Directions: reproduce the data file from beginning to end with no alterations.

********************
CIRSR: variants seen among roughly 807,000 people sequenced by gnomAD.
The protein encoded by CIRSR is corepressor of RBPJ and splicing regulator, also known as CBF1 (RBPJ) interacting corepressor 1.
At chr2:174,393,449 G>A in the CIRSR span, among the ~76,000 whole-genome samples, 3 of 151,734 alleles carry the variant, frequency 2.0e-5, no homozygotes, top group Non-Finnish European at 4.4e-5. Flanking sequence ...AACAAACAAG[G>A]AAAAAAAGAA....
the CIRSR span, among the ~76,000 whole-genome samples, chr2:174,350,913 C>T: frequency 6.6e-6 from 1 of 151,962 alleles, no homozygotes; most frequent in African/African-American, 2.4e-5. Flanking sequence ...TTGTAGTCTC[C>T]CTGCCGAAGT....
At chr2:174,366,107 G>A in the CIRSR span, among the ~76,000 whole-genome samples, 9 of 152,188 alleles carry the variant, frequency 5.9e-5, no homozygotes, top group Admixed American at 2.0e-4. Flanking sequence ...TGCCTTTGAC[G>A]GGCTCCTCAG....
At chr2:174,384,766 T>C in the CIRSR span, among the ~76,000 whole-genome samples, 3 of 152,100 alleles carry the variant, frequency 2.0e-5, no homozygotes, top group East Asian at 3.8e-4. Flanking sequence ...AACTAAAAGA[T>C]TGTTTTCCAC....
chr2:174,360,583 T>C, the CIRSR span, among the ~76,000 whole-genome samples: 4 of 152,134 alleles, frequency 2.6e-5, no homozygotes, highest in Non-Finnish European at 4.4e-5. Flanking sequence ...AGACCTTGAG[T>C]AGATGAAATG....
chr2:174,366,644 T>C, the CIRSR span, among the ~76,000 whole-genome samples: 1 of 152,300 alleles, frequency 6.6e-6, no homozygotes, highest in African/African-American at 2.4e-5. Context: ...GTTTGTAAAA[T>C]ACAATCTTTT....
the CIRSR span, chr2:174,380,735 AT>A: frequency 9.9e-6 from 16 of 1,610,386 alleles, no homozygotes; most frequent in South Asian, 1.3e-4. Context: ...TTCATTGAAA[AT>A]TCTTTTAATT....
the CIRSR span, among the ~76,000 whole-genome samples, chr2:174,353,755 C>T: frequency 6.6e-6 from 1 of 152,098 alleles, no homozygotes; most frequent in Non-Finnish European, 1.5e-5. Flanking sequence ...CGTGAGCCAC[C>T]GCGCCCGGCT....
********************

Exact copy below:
CIRSR: variants seen among roughly 807,000 people sequenced by gnomAD.
The protein encoded by CIRSR is corepressor of RBPJ and splicing regulator, also known as CBF1 (RBPJ) interacting corepressor 1.
At chr2:174,393,449 G>A in the CIRSR span, among the ~76,000 whole-genome samples, 3 of 151,734 alleles carry the variant, frequency 2.0e-5, no homozygotes, top group Non-Finnish European at 4.4e-5. Flanking sequence ...AACAAACAAG[G>A]AAAAAAAGAA....
the CIRSR span, among the ~76,000 whole-genome samples, chr2:174,350,913 C>T: frequency 6.6e-6 from 1 of 151,962 alleles, no homozygotes; most frequent in African/African-American, 2.4e-5. Flanking sequence ...TTGTAGTCTC[C>T]CTGCCGAAGT....
At chr2:174,366,107 G>A in the CIRSR span, among the ~76,000 whole-genome samples, 9 of 152,188 alleles carry the variant, frequency 5.9e-5, no homozygotes, top group Admixed American at 2.0e-4. Flanking sequence ...TGCCTTTGAC[G>A]GGCTCCTCAG....
At chr2:174,384,766 T>C in the CIRSR span, among the ~76,000 whole-genome samples, 3 of 152,100 alleles carry the variant, frequency 2.0e-5, no homozygotes, top group East Asian at 3.8e-4. Flanking sequence ...AACTAAAAGA[T>C]TGTTTTCCAC....
chr2:174,360,583 T>C, the CIRSR span, among the ~76,000 whole-genome samples: 4 of 152,134 alleles, frequency 2.6e-5, no homozygotes, highest in Non-Finnish European at 4.4e-5. Flanking sequence ...AGACCTTGAG[T>C]AGATGAAATG....
chr2:174,366,644 T>C, the CIRSR span, among the ~76,000 whole-genome samples: 1 of 152,300 alleles, frequency 6.6e-6, no homozygotes, highest in African/African-American at 2.4e-5. Context: ...GTTTGTAAAA[T>C]ACAATCTTTT....
the CIRSR span, chr2:174,380,735 AT>A: frequency 9.9e-6 from 16 of 1,610,386 alleles, no homozygotes; most frequent in South Asian, 1.3e-4. Context: ...TTCATTGAAA[AT>A]TCTTTTAATT....
the CIRSR span, among the ~76,000 whole-genome samples, chr2:174,353,755 C>T: frequency 6.6e-6 from 1 of 152,098 alleles, no homozygotes; most frequent in Non-Finnish European, 1.5e-5. Flanking sequence ...CGTGAGCCAC[C>T]GCGCCCGGCT....